EP insists on renegotiation of enlargement financing deal

The Conference of Presidents of political groups
in the European Parliament has put additional pressure on the
Council to renegotiate the financing deal on enlargement. At
its meeting on 13 March, the Conference fired a warning shot to
the Council by not adopting the agenda of the April plenary
session where the Accession Treaty is to be
ratified.

The Conference of Presidents decided not to adopt the
agenda of the April plenary session to send a political
signal to the Council that the Parliament will not accept
this breach of the inter-institutional agreement which
gives the Parliament a say on budgetary matters.

In the Parliament’s view, the inclusion
of maximum spending figures in a treaty contravenes the
Interinstitutional Agreement of 6 May 1999, according to
which any adjustment to the financial perspective in the
event of enlargement is a matter for a joint decision by
the Council and the European Parliament.

It also introduces discrimination
between current and future Member States, which would be
subject to different rules, and it runs counter to the
provisions of the treaties currently in force.

The Conference of Presidents therefore
decided that if Annex XV was not amended or withdrawn, it
would constitute a breach of the Interinstitutional
Agreement and Parliament would have to draw the appropriate
conclusions. If the principle of a multi-annual financial
perspective were to be questioned, the EU would have to
revert to annual negotiations, as in the past.

The Committee of Permanent
Representatives (COREPER) decided on 12 March to use the
Commission’s proposal for a Decision on the adjustment of
the financial perspective for enlargement as the basis for
the Council’s discussion of this issue. The Commission
proposed that over the period 2004-2006, the annual
spending ceilings shall be raised by the corresponding
expenditure requirements resulting from the accession of
ten new Member States.

 

Following his meeting on 11 March with Council
President-in-Office Georgios Papandreou, European
Parliament President
Pat Cox

said: "We must do everything to prevent the real problem
facing us today from turning into a crisis which would
affect both enlargement and Parliament's budgetary powers".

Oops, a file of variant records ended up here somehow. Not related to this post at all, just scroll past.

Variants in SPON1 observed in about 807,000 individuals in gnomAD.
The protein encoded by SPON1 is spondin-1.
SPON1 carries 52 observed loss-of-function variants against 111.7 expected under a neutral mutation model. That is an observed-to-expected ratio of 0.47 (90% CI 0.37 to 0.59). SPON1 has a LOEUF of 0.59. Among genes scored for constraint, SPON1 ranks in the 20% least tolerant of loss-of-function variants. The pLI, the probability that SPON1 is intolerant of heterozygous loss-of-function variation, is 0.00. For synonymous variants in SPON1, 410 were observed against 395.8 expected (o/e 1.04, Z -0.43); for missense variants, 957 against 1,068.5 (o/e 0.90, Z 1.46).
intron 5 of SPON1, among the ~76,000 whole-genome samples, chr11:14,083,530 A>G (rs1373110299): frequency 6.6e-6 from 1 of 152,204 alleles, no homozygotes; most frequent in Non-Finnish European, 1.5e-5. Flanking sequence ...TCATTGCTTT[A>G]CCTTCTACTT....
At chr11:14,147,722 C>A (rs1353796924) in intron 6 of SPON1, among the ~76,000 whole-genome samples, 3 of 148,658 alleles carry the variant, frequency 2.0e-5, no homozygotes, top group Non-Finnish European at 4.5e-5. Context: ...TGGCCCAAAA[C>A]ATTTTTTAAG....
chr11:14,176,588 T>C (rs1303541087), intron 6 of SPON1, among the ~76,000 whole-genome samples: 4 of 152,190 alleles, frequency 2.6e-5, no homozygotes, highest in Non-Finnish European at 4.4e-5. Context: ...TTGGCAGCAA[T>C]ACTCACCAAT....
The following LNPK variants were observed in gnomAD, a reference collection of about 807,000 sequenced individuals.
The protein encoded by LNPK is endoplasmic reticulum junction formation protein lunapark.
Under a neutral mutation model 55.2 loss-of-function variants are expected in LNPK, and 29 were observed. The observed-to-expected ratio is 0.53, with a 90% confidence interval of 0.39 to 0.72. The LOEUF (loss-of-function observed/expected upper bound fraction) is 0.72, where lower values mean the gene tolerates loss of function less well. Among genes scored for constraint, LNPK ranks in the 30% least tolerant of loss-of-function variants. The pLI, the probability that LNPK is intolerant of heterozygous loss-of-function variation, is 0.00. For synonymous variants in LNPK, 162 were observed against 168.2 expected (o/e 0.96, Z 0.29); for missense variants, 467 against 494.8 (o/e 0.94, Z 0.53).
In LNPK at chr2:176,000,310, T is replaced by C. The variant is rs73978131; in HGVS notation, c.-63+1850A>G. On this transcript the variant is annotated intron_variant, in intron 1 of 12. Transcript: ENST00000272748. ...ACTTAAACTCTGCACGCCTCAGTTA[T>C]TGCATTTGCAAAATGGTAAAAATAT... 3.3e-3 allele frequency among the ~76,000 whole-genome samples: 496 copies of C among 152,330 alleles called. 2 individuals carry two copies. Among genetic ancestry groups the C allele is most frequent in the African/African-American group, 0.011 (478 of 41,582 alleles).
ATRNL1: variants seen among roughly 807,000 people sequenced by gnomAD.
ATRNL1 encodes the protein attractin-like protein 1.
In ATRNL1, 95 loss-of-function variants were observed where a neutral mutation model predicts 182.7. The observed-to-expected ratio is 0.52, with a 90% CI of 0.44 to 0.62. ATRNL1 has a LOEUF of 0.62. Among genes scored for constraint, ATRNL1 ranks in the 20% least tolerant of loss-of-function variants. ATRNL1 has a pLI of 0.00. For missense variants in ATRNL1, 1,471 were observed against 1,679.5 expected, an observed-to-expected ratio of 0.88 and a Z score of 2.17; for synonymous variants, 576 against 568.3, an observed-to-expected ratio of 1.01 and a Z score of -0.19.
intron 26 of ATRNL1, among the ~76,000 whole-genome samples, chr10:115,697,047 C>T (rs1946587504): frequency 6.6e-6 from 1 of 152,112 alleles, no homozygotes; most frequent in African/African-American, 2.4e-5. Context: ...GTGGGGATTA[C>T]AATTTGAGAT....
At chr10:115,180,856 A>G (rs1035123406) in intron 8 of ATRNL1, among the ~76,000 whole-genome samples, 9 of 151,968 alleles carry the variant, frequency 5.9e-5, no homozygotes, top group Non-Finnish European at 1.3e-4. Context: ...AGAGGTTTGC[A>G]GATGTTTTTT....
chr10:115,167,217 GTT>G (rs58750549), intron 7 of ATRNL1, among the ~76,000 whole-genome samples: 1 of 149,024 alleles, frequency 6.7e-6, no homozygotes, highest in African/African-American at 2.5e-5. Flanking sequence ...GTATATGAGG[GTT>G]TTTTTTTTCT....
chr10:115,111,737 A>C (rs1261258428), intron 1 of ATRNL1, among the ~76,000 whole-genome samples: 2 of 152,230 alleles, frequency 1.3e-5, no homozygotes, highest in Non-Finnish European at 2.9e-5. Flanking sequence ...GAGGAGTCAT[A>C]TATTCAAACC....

According to Mr Cox, there is no question of an
institutional quarrel nor of taking enlargement hostage.

The Chairman of EPP-ED Parliamentary
Group
Hans-Gert Poettering

stated that the enlargement of the EU is not in question.
He expressed hope that "urgent negotiations on Annex XV
with the Council of Ministers could arrive at a common
solution before the April plenary session of
Parliament".

Mr Poettering warned that the "one-sided
decision by the Council represents a breach of the
Inter-institutional Agreement between Parliament and
Council on budgetary matters". "The consequence of this is
that Parliament for its part no longer regards the
Agreement as valid and therefore in the future Parliament
will have more freedom in financial and budgetary
questions," he added.

The Commission

said it was convinced the dispute between the Parliament
and the Council over the financing of enlargement would not
delay the signature of the Accession Treaty on 16 April
2003.

 

The ratification of the Accession Treaty in the European
Parliament, due to take place on 9 April, is the legal
pre-requisite for the formal signing of the treaty in
Athens on 16 April. However, the Parliament refuses to
ratify the Treaty in its current form because the deal on
the financing of enlargement, attached to the Treaty as
Annex XV, takes away from the Parliament its power of
co-decision over the EU budget by incorporating the
budgetary transfers to the new Member States.

Annex XV, dealing with agriculture,
structural policy, internal policies and administration,
establishes maximum spending levels for the ten new Member
States for each year until 2006. These figures were
negotiated at the European Council in Copenhagen in
December 2002.

 

The ratification of the Accession Treaty in the European
Parliament should in principle take place at the plenary
session of the European Parliament planned for 7-11 April.

Mr Cox, the President of the Commission
Romano Prodi, and the Greek Prime Minister Costa Simitis,
President-in-office of the European Council, are to meet on
19 March, on the eve of the Spring Summit, to discuss the
matter.

Parliament will hold a plenary debate on
this question at the session 26-27 March in Brussels.

 

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